Whatever the shape of the ball nothing aggravates an Englishman more than a defeat by Australia. It is sport’s equivalent of haemorrhoids.

Conversely victories over the men from Down Under are arguably the sweetest of all.

Step forward Gary Pratt whose reduction of Ricky Ponting to a volcanic madman when he ran out the Baggy Green captain in the 2005 Ashes series, was the work of a genius.

Yet even given the relative demise of Australian cricket such moments are rare and we were given a reminder of that nation’s peculiar sporting prowess at Twickenham on Saturday. What were supposed to be beleaguered Wallabies turned up in London for what was supposed to be a scrummaging lesson and what was supposed to be a double-digit defeat.

Instead it was the visitors who handed out the lessons and the defeats and the hosts who ended up beleaguered amid much gnashing of teeth about spurned kicks at goal.

Where hysteria reigns we should apply a little context and acknowledge the fact that since the Rugby World Cup final in November 2003 the sides have met on 12 occasions and England have won on just four.

Half of those matches have come at Twickenham where the Wallabies have prevailed four times compared to England’s two.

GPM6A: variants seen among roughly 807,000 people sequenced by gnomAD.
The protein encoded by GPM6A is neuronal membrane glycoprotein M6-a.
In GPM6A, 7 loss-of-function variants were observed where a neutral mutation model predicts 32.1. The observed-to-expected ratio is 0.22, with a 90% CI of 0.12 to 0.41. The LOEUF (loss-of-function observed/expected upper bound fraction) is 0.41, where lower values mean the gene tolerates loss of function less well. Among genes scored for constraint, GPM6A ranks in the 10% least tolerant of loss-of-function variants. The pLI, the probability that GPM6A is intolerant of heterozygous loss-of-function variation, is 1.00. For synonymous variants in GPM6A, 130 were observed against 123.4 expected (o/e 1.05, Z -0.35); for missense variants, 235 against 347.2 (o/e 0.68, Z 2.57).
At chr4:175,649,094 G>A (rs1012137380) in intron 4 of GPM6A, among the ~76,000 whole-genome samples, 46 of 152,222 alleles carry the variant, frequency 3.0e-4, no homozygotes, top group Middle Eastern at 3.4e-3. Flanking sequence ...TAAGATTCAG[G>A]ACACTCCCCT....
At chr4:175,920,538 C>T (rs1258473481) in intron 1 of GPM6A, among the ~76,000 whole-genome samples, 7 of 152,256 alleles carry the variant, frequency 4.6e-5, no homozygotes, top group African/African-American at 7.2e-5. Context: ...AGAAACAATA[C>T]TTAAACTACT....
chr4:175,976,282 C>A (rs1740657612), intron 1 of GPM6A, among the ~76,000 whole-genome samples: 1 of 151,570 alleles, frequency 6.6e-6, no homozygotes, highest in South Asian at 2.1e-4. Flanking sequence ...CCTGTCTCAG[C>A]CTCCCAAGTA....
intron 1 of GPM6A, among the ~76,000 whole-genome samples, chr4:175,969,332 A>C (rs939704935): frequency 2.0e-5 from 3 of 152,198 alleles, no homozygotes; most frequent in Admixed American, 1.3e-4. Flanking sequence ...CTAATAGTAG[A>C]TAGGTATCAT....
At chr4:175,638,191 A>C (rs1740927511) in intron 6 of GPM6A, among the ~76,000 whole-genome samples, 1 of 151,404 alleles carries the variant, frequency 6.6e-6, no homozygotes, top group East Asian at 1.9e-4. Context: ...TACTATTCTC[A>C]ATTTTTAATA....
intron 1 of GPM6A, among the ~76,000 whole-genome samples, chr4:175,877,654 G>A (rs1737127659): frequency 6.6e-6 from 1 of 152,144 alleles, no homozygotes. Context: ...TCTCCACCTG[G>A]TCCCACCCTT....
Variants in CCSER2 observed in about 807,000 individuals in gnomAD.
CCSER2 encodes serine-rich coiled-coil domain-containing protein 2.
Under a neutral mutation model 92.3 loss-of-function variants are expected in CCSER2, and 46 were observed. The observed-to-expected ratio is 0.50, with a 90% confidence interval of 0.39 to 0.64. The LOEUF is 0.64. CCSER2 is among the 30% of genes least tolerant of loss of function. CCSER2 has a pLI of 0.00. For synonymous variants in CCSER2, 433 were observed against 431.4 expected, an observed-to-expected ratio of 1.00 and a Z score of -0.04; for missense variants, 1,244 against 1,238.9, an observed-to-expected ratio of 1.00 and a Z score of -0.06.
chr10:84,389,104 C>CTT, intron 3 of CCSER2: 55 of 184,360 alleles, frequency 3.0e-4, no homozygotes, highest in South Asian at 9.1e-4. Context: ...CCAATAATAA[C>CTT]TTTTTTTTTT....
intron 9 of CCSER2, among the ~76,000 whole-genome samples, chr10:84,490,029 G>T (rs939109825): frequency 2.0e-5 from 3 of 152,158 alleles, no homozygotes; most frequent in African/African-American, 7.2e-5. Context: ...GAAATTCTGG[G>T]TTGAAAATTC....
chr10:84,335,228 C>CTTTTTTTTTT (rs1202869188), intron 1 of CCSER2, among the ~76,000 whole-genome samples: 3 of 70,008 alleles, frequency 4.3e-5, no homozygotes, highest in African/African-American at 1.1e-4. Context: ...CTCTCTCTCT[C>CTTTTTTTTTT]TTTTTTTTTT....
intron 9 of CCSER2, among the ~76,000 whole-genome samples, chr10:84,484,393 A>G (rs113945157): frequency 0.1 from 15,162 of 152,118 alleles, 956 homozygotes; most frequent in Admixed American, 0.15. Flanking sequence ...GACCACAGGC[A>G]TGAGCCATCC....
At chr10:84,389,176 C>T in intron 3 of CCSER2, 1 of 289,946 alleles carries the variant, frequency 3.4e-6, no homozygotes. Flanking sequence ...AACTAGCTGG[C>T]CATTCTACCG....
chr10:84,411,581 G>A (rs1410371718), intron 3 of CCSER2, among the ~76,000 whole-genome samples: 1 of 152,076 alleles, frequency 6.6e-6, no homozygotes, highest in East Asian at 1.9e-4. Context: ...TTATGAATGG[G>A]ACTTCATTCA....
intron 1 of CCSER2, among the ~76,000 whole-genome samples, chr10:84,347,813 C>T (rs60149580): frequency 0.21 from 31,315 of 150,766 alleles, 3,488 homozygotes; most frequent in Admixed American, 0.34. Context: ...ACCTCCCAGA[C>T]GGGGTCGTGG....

We should not be surprised. Neither should we be react with baby-and-bath-water type calls to change this player, that player, this combination or that combination to make it all better. It won’t get better by doing that.

Which is why I was so pleased to see Stuart Lancaster defend Chris Robshaw’s right to stay in his team. No-one was questioning the back rower’s right to lead the side when England were scrapping their way through the Six Nations and no-one suggested he was the problem when he was winning the turnover battle in South Africa in the summer, so calls to move him to the blindside – or even drop him, are ludicrous.

Yet there are probably half-a-dozen other players who are also having their places questioned. To some Manu Tuilagi is a failure at outside centre, Dan Cole’s future is compromised, Geoff Parling is under threat and Thomas Waldrom is apparently not good enough.

No-one is denying they should have done better against Australia but it is simply not practical to drop everyone whenever England lose or they have a bad game. Players and teams have to grow and evolve not change every second game. Thankfully Lancaster is a teacher and by definition appreciates the value of a good lesson learned and continuity and minimised variables are so far the guiding principles to his reign.

And just to pre-empt this weekend’s clash with South Africa. England haven’t beaten them in ten attempts. We should be surprised if they do this time.